How Birmingham became the Bhangra capital of the world
As Asian Network Live returns to Birmingham for a second year, international Bhangra artist Jaz Dhami and Asian Network’s very own Captain of Bhangra, Dipps Bhamrah, tell us why the UK’s second city is the Home of British Bhangra.
Soho Road - Focus for a musical community
WARNING: Third party content may contain adverts
It’s not often that one street becomes synonymous with a whole musical scene, but that’s exactly what’s happened with Handsworth’s Soho Road, a place which has been immortalised in one of British Bhangra’s most famous tracks – Apna Sangeet’s 1988 classic, ‘Soho Road Uthey.’
I was a fly on the wall for my Dad’s weekly Bhangra band rehearsals."- Jaz Dhami
The road inspired not only Apna Sangeet and a young Jaz Dhami, but many more like them who were energised by one of the UK’s most vibrant neighbourhoods. Apache Indian, Bally Sagoo and Hard Kaur, either lived or worked in the area. Local lads Bally, Bhota, and Jassi even named their group after Soho Road’s postcode - B21.
Daytimers – Making live music accessible
In the 1980s, as disco parties became nightclubs, young British Asians whose parents may have disapproved of their children going out in the evenings, began to attend events during the afternoon.
“I was too young to go to daytimers, but luckily for me, my Dad (KS Bhamrah, lead singer of Apna Sangeet) snuck me in to my first ever gig aged seven! It was midday and The Dome in the city centre was absolutely rammed with teenagers and twenty-somethings who’d bunked from school or college to come and see their favourite Bhangra artists performing live on stage!” reminisces Dipps.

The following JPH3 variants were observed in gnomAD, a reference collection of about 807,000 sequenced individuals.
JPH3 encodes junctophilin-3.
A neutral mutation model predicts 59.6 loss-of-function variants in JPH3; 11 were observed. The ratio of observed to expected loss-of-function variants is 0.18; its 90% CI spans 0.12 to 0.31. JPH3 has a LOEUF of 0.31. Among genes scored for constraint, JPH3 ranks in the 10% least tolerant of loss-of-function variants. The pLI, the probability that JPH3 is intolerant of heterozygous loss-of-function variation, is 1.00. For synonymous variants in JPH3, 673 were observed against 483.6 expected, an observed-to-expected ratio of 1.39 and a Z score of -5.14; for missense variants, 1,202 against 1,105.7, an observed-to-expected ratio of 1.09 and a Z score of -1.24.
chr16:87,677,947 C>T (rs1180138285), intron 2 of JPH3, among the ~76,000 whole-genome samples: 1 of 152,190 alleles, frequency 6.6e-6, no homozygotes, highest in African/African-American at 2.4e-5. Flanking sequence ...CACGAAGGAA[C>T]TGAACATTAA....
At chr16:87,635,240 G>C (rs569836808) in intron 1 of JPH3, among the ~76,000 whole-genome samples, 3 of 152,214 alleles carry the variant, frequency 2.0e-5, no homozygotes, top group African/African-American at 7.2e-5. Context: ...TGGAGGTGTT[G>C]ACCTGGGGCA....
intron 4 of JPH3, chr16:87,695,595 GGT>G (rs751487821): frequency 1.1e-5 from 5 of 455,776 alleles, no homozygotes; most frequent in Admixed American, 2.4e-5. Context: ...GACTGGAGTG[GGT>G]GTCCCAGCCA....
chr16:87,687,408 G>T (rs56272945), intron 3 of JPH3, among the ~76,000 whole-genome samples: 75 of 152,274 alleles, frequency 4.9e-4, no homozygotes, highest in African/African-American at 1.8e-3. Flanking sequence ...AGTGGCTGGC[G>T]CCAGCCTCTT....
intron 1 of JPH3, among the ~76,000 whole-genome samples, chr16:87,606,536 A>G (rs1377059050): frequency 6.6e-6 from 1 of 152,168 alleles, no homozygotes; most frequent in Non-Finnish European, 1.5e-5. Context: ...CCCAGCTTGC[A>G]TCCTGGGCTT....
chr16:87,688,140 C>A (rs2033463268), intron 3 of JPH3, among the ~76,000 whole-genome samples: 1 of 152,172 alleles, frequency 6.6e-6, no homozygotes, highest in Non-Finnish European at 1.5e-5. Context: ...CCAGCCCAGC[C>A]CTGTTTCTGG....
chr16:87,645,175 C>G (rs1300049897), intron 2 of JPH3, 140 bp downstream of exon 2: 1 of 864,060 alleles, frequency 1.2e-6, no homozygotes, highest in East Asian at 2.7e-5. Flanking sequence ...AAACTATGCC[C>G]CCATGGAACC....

The daytimers became a national phenomenon, with school and college kids jumping on buses to get to the club, partying with their favourite Bhangra artists, before heading back home without a sign of where they’d spent their day.
It was these daytimers that gave British Asians the confidence, voice and identity that led to the mid-80s and early-90s becoming the golden age of live Bhangra music all over the world.
Bhangra on TV – Reaching the masses
BBC Pebble Mill studios in Birmingham became an important platform for the likes of DCS, Heera, Alaap and Malkit Singh. “Seeing these Bhangra bands on national television made us feel so proud”, says Dipps.
Seeing these Bhangra bands on national television made us feel so proud”.- Dipps
The integration of Asians into British culture led to a new sound being created by British-born artists such as Bally Sagoo, Apache Indian, The Sahotas, Achanak and Panjabi MC.
They all fused the music they heard in the streets of Birmingham (including reggae, rock and hip hop) with more traditional music they’d grown up with.
Asian Network Live - Recognising Birmingham’s place
Record labels specialising in Bhangra like Oriental Star Agencies (established in 1966) and Moviebox (established in the early 90s) and studios including Frantic and Saint based themselves in the city. The demand for the music created in Birmingham meant the labels were exporting this British-Bhangra sound not only back to India, but to the rest of the world too.
Partly in recognition of Birmingham’s global significance to the Bhangra scene, the BBC’s Asian Network has based its main annual live music event in the city since 2018.
Jaz says: “I don’t know if my love for Bhangra would’ve been the same if I hadn’t grown up in Birmingham and had all these local influences like my dad’s band Sangam, Balwinder Safri, Jazzy B, Bally and Bhota Jagpal and producers like Dr Zeus".
“Birmingham has shaped the sound of Bhangra for decades and I’m proud to be a tiny part of that. I’m so excited to be performing live on 2nd March at Birmingham Arena, 10 years from when my career began – it’s like a homecoming!”
Dipps is also thrilled to be introducing Bhangra acts at Asian Network Live 2019 on the same stage that he saw his first Bhangra show in 1996!